In the 1960s, military strategist John Boyd developed the concept of OODA – Observe, Orient, Decide, Act. This combat philosophy emphasized agility over brute force: If you see more, understand better, decide faster, and react more quickly than an adversary, you likely win.
Boyd died in 1997, well before anyone had heard the term “edge computing.” But he would have intuitively understood its significance. For the military, edge computing puts computation and data resources closer to where relevant information may be emerging—at the “tactical edge.” Microsoft can extend Azure services into denied, disrupted, intermittent, and limited bandwidth environments to enhance near real-time decision-making for defense and intelligence leaders; giving elements in the field a chance to maintain their operational momentum, and even perhaps, seize the initiative.
Of course, tactical forces also must contend with military operations other than war, that include contingencies such as disaster relief, border security, and even search and rescue operations for downed airmen or sailors whose ship has sunk. Who can forget the international military operations to search for survivors and wreckage associated with the Malaysian Air flight 370, or the more recent example of an Indonesian submarine that sank? Unlike in the movies, finding a person or a life raft in a tossing ocean can seem impossible. A single person may be somewhere in a patch of ocean encompassing thousands of square miles.
We are seeing a perfect example of how the edge can help save lives in New Zealand. There, the New Zealand Defense Force (NZDF) has partnered with Microsoft and the Aware Group—a New Zealand-based internet of things (IoT) and artificial intelligence (AI) specialist—to develop lifesaving, cutting-edge technology. NZDF responds to the scene of a mishap with various support platforms with a variety of sensors sent to capture relevant data. The responding package often includes camera-equipped drones and manned aircraft.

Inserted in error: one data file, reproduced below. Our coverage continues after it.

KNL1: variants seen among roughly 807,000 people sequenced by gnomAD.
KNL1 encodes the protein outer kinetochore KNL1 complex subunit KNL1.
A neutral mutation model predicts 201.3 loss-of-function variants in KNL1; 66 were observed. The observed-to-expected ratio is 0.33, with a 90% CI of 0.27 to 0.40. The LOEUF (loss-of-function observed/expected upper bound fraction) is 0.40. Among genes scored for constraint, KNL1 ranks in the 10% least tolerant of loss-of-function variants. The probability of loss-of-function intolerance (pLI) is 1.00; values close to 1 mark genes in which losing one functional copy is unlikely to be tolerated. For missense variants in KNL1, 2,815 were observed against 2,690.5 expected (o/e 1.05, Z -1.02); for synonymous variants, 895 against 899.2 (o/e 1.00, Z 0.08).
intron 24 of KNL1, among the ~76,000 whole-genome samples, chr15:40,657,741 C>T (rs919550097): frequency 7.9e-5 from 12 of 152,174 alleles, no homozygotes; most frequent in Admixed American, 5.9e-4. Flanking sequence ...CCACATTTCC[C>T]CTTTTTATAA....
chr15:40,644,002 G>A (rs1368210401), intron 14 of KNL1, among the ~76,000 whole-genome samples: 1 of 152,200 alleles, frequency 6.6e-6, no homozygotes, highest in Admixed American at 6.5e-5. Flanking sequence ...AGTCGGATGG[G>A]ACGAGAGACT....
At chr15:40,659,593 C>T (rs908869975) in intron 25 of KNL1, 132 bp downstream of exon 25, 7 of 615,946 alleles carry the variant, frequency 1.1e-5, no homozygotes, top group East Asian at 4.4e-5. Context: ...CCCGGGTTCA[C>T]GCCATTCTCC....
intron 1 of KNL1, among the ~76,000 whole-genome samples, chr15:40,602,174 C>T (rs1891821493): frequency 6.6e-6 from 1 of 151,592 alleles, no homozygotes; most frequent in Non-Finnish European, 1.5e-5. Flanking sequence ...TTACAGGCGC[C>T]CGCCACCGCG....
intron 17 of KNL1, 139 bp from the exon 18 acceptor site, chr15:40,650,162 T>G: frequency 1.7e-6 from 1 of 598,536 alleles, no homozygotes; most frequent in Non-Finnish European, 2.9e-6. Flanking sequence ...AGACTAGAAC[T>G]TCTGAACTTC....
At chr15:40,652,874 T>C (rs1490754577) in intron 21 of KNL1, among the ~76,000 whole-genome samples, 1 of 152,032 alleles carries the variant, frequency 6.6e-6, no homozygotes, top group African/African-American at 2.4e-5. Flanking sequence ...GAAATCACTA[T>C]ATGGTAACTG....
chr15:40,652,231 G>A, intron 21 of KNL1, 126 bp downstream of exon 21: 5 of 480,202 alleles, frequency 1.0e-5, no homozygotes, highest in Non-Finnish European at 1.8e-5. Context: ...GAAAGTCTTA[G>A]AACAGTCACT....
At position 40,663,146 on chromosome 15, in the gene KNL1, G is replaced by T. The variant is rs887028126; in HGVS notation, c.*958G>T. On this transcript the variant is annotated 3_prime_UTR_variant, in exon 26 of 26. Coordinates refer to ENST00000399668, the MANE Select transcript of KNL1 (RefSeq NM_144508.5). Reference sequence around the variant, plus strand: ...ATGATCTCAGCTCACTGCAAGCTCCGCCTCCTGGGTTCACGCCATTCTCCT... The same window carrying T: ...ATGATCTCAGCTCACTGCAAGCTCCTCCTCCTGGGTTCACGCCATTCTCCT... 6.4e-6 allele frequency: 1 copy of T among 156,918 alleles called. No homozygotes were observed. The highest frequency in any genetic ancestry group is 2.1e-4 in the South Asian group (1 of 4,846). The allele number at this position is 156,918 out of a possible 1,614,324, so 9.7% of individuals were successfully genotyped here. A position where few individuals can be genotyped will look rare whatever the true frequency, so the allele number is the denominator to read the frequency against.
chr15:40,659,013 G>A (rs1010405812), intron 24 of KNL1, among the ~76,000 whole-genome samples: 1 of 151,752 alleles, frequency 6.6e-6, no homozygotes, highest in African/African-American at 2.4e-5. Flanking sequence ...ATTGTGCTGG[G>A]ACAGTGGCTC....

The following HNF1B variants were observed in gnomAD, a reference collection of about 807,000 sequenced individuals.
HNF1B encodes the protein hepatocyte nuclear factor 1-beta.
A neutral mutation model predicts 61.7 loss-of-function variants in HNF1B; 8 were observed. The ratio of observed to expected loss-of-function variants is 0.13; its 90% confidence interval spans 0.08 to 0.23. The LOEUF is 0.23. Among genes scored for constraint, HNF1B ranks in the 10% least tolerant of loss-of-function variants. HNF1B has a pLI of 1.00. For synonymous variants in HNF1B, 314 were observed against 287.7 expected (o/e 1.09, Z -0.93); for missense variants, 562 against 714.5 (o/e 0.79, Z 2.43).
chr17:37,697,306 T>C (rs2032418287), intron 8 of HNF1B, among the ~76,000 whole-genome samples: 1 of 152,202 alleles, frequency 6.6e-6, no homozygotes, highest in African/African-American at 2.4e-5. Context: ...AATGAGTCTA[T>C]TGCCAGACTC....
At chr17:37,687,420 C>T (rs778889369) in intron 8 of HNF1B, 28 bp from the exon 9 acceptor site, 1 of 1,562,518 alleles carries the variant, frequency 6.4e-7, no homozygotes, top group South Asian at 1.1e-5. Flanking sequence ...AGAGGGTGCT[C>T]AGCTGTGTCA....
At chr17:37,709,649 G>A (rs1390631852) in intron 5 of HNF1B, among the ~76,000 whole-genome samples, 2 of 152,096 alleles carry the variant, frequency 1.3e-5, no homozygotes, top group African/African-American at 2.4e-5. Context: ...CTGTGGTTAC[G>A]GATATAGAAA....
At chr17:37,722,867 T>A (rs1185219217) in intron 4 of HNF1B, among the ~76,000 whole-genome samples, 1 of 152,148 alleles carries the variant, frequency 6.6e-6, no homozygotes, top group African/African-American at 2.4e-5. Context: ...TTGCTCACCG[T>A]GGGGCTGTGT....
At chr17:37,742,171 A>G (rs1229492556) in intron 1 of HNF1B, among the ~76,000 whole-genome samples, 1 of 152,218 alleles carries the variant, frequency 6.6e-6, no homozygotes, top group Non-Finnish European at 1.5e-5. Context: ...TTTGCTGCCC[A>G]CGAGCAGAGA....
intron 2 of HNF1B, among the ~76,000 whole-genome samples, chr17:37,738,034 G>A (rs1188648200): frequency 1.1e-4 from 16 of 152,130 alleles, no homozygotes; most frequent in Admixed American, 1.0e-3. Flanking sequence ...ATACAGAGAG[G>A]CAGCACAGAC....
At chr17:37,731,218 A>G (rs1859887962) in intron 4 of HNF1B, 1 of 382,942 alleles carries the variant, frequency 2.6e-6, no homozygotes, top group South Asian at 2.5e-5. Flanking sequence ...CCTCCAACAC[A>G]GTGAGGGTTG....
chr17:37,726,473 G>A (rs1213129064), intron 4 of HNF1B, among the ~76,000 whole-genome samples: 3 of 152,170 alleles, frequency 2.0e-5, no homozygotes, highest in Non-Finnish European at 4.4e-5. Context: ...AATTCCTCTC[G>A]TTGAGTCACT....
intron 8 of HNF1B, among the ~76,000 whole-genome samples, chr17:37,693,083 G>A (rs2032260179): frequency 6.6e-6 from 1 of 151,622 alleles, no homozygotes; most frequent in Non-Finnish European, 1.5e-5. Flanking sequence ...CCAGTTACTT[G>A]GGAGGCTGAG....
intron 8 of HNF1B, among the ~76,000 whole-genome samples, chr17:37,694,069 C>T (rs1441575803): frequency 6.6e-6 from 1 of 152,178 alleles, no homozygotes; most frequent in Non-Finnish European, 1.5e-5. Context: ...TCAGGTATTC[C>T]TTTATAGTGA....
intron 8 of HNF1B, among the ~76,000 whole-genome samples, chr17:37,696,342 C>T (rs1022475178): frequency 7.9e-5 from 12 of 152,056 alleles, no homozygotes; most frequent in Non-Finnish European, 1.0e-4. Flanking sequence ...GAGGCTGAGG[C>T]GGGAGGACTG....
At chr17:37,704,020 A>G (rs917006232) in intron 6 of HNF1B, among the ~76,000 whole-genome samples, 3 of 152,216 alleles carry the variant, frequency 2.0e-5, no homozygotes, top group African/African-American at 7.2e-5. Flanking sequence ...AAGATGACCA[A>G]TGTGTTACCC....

Using advanced AI-based analytics from the Aware Group—built atop the Microsoft Stack Edge Platform—the NZDF processes video feeds in real time, tagging and geo-locating frames with indications of promising contact. If that contact proves likely to be a search subject, search-and-rescue assets can be dispatched to the precise location for a recovery. That can make all the difference in an environment where survival times run in the minutes, not hours.
Microsoft’s Stack Edge Platform plays an important role in this life-saving mission. It comes with specialized IoT hardware and accelerated data processing and can run effectively even when completely offline in a harsh environment. Using this platform and the Aware Group’s sophisticated AI, hundreds of hours of video footage can be analyzed in seconds, and rescuers given critical information.
Now in proof-of-concept phase, the NZDF’s video analytics rescue technology hints at much wider applications for computing at the edge. A similar approach could be taken to finding missing—or deliberately hiding—individuals or forces in remote, disconnected, and austere environments around the world, such as forests, mountains, and jungles.
As the New Zealand case shows, edge computing is here now, and is being deployed not only by the by the U.S. military; but also, the militaries of coalition partners. Microsoft is bringing to bear an unprecedented partner eco-system to assist defense and intelligence agencies in leveraging these advanced capabilities.
This eco-system includes local partners like the Aware Group in New Zealand, who are working closely with our defense and security teams to help drive innovation into our customer environments. But it also includes global-scale defense contractors such as Thales, which is innovating with Microsoft to place our capabilities into platforms such as the Nexium Defense Cloud Edge, which can help modernize existing programs of record by infusing them with latest cloud technologies.
Microsoft is increasingly working directly with our customers and with our partners in the defense and intelligence communities to take full advantage of computing on the tactical edge for humanitarian and disaster relief and other military operations. Learn more about how we are helping these organizations enhance military operational effectiveness with secure and robust digital technology.